Here we stand on the precipice of returning to work with everyone wondering what that will actually entail and how we’re going to stay productive and healthy in our work environments. In that context, I couldn’t help but think about something we continue to hold on to in America, which is a system we call “employer based health care.” It strikes me that the intersection of health and employment has taken on entirely new dimensions and I think that our current situation gives us the opportunity to explore what best practices really mean when it comes to wellness and work.
At the risk of sounding like I’m ranting (OK, that’s not really a risk with me, but an inevitability), I first of all need to say that in my opinion we do not really have a health care system in America. What we have is a disease management system, something that we normally utilize after symptoms have manifested themselves and which in far too many cases addresses those symptoms rather than their causes, usually with pills and procedures. Einstein reminded us that “in every crisis is an opportunity,” and it seems to me that what Covid-19 has done for us is to put on the table in a more robust way the topic of prevention, something that is absolutely necessary if we are ever to move away from just disease management and into actual health care. Although some of the conversation is certainly about treatment, the vast majority of it seems to me to be all about how to keep from contracting this disease as well as how to keep others from doing so. Social distancing, face coverings, hand washing, cleaning and disinfecting surfaces… those are all preventative measures, and things that employers will have to decide how and when and whether to implement. We are awash, if you’ll excuse the expression, with information and opinions about those things, but I rarely hear talk about the most powerful weapon we have in our arsenal to prevent this disease, or most others for that matter: our own immune systems.
I certainly believe that an actual health care system can and should be individual, as well as based in family and community structures. But in addition to the other measures we take I also believe that the work environment has an important role to play in making sure we have at our disposal the most powerful tool we have, which is our immune system. For one thing, we know that at least 70% of our immune function resides in our gut, the health of which is determined by what we eat. An increasing number of employers are offering food as a convenience for their employees, but it can be so much more than that. Our addiction to the kinds of foods that can make us sick is a huge part of why this pandemic is so harmful. But if a company focuses on helping access the kinds of nutrition that actually support a robust immune response then to that extent they really are part of an employer based health care system. In our current situation, that comes close in my mind to being a moral imperative for an employer.
In my years of exposure to this topic I have come to see the other two aspects of the “three legged stool of wellness” as fitness and stress management, both of which materially affect the ability of our immune response to repel unwanted invaders. The ability of an employer to encourage daily movement varies, but I’m sure there is always something that can be done as a company culture to affirm the value of that. But let’s face it: nobody needs to debate whether our work life can be a source of stress. As the context in which we push ourselves to fully utilize our skills and gifts and education to make our contribution, there should always be some of that. And some stress is good for us. But toxic amounts, especially if they become chronic, will destroy our ability to keep from getting ill even if we do everything else right. It could be that for some business leaders our experience with sheltering in place will afford an opportunity to consider more deeply what a healthy work life balance looks like and how that can be supported for their employees. I also note that the concept of mindfulness has emerged from the world of weirdness and woo-woo and into the mainstream, and many companies are helping their employees understand how to employ basic techniques of Mindfulness Based Stress Reduction (MBSR). These are simple and easily applied to keep the inevitable stressful situations we face at work (and elsewhere) from being something that undermines our body’s immune function.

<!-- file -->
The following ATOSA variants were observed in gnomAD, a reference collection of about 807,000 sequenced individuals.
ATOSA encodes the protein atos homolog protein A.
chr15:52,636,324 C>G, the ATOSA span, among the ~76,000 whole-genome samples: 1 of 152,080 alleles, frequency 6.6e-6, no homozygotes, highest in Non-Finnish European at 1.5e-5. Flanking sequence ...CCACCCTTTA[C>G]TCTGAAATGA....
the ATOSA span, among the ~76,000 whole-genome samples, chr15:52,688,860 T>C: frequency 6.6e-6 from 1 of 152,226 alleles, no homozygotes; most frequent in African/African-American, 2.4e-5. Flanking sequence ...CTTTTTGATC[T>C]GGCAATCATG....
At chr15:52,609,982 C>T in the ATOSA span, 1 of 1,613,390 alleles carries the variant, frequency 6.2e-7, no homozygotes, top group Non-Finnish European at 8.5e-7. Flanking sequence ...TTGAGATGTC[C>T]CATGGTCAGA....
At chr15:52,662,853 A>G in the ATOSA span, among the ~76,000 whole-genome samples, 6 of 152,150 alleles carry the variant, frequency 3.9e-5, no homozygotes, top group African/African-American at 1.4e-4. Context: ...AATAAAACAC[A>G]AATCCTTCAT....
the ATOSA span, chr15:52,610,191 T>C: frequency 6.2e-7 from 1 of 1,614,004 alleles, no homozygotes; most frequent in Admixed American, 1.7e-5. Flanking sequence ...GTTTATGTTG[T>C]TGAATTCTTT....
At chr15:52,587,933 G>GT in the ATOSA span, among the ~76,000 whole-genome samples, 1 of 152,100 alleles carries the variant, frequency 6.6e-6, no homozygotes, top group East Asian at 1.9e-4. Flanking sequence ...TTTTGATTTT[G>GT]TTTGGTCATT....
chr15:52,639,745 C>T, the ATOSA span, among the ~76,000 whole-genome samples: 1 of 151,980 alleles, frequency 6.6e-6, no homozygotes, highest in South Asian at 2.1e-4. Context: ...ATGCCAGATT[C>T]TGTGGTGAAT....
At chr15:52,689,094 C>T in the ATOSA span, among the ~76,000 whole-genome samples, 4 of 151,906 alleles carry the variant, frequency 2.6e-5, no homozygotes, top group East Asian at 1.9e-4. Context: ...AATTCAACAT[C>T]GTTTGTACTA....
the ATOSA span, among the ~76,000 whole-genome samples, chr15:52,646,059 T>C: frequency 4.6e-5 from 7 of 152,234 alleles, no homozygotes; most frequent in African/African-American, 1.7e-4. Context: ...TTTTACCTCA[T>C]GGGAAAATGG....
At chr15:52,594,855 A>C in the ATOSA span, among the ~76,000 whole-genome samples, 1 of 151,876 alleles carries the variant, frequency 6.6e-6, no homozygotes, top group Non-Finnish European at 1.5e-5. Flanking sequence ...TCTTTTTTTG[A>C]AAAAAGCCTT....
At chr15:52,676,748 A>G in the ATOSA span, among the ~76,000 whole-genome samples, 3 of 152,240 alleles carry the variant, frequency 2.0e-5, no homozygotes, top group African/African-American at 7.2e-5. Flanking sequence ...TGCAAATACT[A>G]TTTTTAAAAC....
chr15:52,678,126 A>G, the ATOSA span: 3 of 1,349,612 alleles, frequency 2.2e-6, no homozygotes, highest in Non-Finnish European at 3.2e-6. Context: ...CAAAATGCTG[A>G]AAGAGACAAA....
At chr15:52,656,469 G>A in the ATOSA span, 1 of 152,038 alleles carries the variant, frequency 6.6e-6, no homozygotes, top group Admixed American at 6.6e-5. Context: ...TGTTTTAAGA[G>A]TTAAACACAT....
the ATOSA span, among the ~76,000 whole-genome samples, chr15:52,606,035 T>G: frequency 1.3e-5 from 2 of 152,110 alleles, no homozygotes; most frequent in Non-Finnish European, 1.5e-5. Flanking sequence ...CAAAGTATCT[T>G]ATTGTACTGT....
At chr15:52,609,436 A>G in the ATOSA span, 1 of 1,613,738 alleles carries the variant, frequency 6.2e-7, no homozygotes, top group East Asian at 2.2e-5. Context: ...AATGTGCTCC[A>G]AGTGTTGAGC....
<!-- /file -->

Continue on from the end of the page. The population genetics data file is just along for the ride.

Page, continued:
Yes, we need and deserve the best disease management system we can create, because clearly stuff happens. But If this pandemic has taught us anything, it should be that we absolutely need a good healthcare system as well: something that fully supports our own natural abilities to prevent the diseases that from time to time wander through our world, or are simply always around to some degree, attempting to wreak havoc. They will always cause some trouble, but havoc is optional. I have my own opinions about whether our employers are the best or most efficient way of providing resources to manage our diseases, but I absolutely believe they can and should play a critical role in our health care. And that’s good for business. Lockdowns can be expensive, and employees who know that their company is supportive of their health will surely be the kind that will help a company reach its objectives. Also, we are now more aware than ever of the importance of having a healthy work environment, and that is going to start with the employees themselves coming to work with the ultimate weapon of immune support fully locked and loaded.